Growing up, for me, Christianity was an institution. It was bound by groups of people whose lives were thoroughly interwebbed with rules and delegations and orders. Religious orders, cannon priesthood, diocesan bishoprics, Vatican heirarchy - all this acted as a funnel, channeling human potential into actuality.
Young men studied philosophy, theology, languages, history, sciences, arts - all in highly prestigious and world-renowned Catholic colleges and universities. Priests and Dominican brothers studied for decades in expensive programs. Nuns made TV shows about the history of art. Quite the work ethic, no?
But, to skip ahead a bit, I eventually discovered that Christianity wasn't an institution... It wasn't a movement, it wasn't a specific church or denomination - Christianity was the result of a social reaction to a real and existing spiritual phenomena: an encounter with The Risen Lord Jesus. Eventually I left all this order and discipline.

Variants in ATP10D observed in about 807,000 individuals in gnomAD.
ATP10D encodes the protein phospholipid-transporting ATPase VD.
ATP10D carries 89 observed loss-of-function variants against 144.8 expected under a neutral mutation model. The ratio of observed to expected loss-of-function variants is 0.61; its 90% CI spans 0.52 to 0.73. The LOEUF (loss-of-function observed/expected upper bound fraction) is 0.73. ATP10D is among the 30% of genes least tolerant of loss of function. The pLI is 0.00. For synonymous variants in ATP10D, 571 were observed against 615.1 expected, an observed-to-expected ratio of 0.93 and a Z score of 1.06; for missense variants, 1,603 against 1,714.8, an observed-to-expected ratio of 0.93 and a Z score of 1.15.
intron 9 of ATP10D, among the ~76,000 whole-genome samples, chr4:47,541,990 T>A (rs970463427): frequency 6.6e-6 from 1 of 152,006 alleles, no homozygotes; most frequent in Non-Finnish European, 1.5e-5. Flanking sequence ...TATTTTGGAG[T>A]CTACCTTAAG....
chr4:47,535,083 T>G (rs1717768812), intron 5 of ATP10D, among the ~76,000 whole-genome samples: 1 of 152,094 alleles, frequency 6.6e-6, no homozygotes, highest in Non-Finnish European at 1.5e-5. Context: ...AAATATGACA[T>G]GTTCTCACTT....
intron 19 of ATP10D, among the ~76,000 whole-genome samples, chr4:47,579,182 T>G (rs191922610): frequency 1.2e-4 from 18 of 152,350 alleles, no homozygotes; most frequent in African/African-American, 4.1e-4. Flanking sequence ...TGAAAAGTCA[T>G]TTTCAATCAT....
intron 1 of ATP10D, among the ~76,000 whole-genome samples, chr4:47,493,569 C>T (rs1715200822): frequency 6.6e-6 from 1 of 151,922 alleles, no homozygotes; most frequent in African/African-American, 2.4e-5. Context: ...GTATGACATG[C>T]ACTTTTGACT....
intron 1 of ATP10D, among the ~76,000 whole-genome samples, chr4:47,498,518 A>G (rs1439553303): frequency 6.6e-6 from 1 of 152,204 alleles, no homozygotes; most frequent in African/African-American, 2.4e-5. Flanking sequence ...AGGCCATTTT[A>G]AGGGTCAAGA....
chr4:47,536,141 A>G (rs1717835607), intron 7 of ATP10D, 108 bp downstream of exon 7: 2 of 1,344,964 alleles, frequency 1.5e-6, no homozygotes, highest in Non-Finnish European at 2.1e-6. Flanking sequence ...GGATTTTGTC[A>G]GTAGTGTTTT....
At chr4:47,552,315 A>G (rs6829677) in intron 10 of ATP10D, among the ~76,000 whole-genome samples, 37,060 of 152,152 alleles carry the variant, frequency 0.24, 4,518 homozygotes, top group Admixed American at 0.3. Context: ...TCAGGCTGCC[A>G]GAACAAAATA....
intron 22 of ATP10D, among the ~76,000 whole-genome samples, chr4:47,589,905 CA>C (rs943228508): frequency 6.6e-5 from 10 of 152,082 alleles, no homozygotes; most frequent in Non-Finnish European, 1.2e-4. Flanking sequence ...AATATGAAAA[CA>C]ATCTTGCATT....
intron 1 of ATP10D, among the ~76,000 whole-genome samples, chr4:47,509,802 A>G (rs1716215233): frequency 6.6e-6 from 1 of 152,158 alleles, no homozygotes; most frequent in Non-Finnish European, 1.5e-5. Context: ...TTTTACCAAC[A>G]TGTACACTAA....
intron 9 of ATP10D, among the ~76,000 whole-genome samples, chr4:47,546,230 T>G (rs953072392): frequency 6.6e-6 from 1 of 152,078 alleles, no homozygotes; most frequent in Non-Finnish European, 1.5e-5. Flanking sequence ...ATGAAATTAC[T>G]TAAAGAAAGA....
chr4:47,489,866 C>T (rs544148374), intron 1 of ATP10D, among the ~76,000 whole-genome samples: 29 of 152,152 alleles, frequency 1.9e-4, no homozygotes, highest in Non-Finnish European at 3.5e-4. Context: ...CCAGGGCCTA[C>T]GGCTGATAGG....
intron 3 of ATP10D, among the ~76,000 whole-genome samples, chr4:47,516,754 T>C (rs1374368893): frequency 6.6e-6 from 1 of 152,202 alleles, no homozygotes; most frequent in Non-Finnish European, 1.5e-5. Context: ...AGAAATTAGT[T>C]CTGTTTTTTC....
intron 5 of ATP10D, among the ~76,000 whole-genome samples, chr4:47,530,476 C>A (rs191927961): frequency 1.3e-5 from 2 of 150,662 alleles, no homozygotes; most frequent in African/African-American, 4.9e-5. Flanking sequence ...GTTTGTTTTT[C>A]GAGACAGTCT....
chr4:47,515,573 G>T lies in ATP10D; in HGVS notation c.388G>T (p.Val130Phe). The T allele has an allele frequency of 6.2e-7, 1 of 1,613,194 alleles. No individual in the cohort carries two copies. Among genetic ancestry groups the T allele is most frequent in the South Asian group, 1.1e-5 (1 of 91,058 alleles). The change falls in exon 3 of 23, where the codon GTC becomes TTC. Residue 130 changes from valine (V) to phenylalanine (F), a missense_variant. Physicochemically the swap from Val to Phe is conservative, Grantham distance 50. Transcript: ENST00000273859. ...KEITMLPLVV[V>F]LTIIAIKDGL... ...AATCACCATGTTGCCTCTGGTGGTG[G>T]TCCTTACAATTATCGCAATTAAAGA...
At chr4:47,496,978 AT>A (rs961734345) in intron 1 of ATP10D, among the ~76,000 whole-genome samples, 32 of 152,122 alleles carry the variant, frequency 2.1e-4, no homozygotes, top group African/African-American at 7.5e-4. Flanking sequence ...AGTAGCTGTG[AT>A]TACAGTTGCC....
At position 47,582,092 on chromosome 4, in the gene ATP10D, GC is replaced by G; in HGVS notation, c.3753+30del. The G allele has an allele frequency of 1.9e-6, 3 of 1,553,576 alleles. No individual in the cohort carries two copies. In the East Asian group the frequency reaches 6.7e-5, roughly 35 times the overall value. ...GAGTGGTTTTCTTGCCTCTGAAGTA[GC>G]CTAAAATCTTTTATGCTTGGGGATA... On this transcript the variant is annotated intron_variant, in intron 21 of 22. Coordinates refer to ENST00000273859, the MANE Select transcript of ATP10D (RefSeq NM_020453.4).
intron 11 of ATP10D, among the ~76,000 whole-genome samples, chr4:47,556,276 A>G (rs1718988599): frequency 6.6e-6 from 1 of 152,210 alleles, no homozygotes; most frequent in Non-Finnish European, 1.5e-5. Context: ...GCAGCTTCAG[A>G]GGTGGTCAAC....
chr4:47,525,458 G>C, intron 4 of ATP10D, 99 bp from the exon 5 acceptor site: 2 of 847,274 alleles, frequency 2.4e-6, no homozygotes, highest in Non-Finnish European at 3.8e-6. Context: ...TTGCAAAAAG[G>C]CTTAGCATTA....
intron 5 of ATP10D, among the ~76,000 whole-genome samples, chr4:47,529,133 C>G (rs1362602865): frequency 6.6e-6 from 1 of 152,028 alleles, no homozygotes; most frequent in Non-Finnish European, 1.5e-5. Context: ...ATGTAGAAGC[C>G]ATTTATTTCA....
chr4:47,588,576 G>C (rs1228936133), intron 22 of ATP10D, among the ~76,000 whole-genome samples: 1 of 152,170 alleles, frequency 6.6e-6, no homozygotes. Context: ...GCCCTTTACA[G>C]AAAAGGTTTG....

And I was afraid. Could Christianity rise to such heights again without those social institutions?
The answer, I believe, is a resounding Yes.
You need to remember that those institutions were begun in the first place by men and women dedicated to God. Thanks to an encounter with Jesus, people naturally seek to better their lives. When this is turned towards the life of the mind, we see why so many pastors are holders of doctorates and fellowships. There's a reason schools like Oxford started out as centers of religious and philosophical study.
It's Jesus who makes us smart - that is to say, gives us the inner-need for wanting to learn, to understand, to come to understand more. I want to see tons of intellectuals within the Church, and I am confidant genuine Xtrians will always do that naturally.